Several years ago, my parents came to visit us in Lima to look after the grand kids while Siduith and I were out of town on business. When we got home, we sent my folks off for a vacation to experience Cusco, the Sacred Valley and Machu Picchu.
At the time, Fertur Peru Travel did not handle its own direct operations in the Inca capital, as we do now. We entrusted our clients — and in this case, our family — to another tour company.
It was on one of that company’s tour buses that the incident occurred.
The guide pointed out the rainbow checkered Wiphala flag of the Inca Empire, and launched into an impassioned lecture about how foreign tourists should not confuse the traditional Tawantinsuyu banner with the similarly designed gay pride flag because….
As my mother recounted the story, the guide’s summation of Peruvian history and society that followed wasn’t the most offensive homophobic drivel one could imagine, but it was bad enough.
The three gay Americans, whom my parents had befriended on the tour, exchanged glances but chose to say nothing.
The guide did not escape unscathed, however. Mom — never one to waste a teachable moment — pulled him aside later for a gentle lecture of her own about manners and the value of professionalism over prejudice.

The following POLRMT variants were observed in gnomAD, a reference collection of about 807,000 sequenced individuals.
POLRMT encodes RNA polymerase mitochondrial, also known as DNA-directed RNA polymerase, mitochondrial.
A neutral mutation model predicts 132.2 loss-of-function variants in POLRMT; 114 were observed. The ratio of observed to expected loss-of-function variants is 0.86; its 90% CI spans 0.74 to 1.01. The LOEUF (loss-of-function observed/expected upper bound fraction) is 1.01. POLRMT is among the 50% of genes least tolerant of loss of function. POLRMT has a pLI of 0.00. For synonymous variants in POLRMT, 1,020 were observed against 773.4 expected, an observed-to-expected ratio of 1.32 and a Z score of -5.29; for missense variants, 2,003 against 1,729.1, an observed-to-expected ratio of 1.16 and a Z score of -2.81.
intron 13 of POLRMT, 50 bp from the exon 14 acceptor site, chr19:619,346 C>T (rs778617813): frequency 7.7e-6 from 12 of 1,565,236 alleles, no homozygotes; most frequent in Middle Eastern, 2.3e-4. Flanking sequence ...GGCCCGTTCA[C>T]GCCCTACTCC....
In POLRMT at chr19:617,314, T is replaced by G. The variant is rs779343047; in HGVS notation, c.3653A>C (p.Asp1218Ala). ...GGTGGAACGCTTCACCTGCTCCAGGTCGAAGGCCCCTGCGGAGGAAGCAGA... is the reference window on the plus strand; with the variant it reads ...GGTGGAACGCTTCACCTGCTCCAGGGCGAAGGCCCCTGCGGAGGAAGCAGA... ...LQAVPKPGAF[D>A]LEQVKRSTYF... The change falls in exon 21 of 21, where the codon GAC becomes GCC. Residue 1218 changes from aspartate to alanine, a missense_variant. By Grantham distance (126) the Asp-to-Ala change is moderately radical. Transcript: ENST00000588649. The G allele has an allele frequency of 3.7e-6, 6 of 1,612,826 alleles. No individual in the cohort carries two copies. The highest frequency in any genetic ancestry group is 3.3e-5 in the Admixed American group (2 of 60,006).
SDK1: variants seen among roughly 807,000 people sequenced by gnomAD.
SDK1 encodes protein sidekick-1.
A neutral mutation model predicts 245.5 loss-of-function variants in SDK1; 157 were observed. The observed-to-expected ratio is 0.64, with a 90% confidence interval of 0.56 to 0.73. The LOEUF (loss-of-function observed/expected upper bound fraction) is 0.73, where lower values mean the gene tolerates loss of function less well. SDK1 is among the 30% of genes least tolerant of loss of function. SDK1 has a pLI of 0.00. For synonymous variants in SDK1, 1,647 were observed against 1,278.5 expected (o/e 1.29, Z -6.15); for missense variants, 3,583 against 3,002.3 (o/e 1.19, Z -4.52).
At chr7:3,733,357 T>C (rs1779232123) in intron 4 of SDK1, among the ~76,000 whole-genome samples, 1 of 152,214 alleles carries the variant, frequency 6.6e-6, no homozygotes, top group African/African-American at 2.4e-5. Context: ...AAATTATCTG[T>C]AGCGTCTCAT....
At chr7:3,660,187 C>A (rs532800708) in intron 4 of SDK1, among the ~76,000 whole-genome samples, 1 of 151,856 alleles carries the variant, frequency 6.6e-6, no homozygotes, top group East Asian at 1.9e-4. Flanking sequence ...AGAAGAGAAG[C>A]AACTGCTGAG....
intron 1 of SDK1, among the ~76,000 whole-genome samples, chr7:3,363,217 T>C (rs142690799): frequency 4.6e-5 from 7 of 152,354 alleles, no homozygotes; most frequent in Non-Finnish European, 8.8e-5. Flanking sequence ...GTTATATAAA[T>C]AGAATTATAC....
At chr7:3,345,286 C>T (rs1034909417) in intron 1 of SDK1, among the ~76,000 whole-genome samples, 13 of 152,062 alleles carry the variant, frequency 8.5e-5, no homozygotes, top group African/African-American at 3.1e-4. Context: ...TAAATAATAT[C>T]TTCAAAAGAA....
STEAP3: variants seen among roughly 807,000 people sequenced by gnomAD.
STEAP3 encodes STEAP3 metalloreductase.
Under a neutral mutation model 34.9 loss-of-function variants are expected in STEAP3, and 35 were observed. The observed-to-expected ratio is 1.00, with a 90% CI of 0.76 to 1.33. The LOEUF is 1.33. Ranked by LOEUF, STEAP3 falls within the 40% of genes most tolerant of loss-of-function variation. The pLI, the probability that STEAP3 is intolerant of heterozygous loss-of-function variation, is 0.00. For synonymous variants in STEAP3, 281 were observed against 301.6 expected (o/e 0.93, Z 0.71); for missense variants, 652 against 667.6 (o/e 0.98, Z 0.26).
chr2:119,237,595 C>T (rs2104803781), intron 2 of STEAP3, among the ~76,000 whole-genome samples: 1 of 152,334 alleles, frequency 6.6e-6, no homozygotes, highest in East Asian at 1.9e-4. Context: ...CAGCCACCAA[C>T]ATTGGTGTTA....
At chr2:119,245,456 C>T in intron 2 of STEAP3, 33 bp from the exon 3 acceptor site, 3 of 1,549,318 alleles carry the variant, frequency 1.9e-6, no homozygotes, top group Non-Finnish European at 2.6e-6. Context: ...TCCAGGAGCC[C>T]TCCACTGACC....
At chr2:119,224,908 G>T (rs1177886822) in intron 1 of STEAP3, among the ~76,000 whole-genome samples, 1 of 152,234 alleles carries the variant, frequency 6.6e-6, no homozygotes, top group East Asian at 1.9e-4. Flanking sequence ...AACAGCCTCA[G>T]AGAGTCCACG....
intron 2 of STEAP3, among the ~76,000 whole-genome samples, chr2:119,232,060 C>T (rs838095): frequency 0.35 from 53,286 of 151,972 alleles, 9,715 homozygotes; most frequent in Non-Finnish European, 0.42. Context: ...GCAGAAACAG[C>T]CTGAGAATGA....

We are a family owned business, and it gives us no greater joy than when our family and friends visit from abroad and give us the chance to show them the wonders of Peru.
We are blessed to count among our closest circle gay and lesbian friends and family. It has been too many years since Suzanne visited us last. Some day we’ll get to have as our guests Heather and Stacy, and Ian, and Debbie and Carol with their kids, and Charles.
So this tour bus incident got us thinking: What if it had been one of our loved ones subjected to that unacceptable situation?
We resolved that what happened on that tour bus must never happen again during any vacation or any tour organized by Fertur Peru Travel.
But wishing it so was not enough. Our employees and partners had to know in unambiguous terms our company’s policy and what we expect of them.
Being LGBT-friendly is more than just good business. It’s simply the right thing to do.
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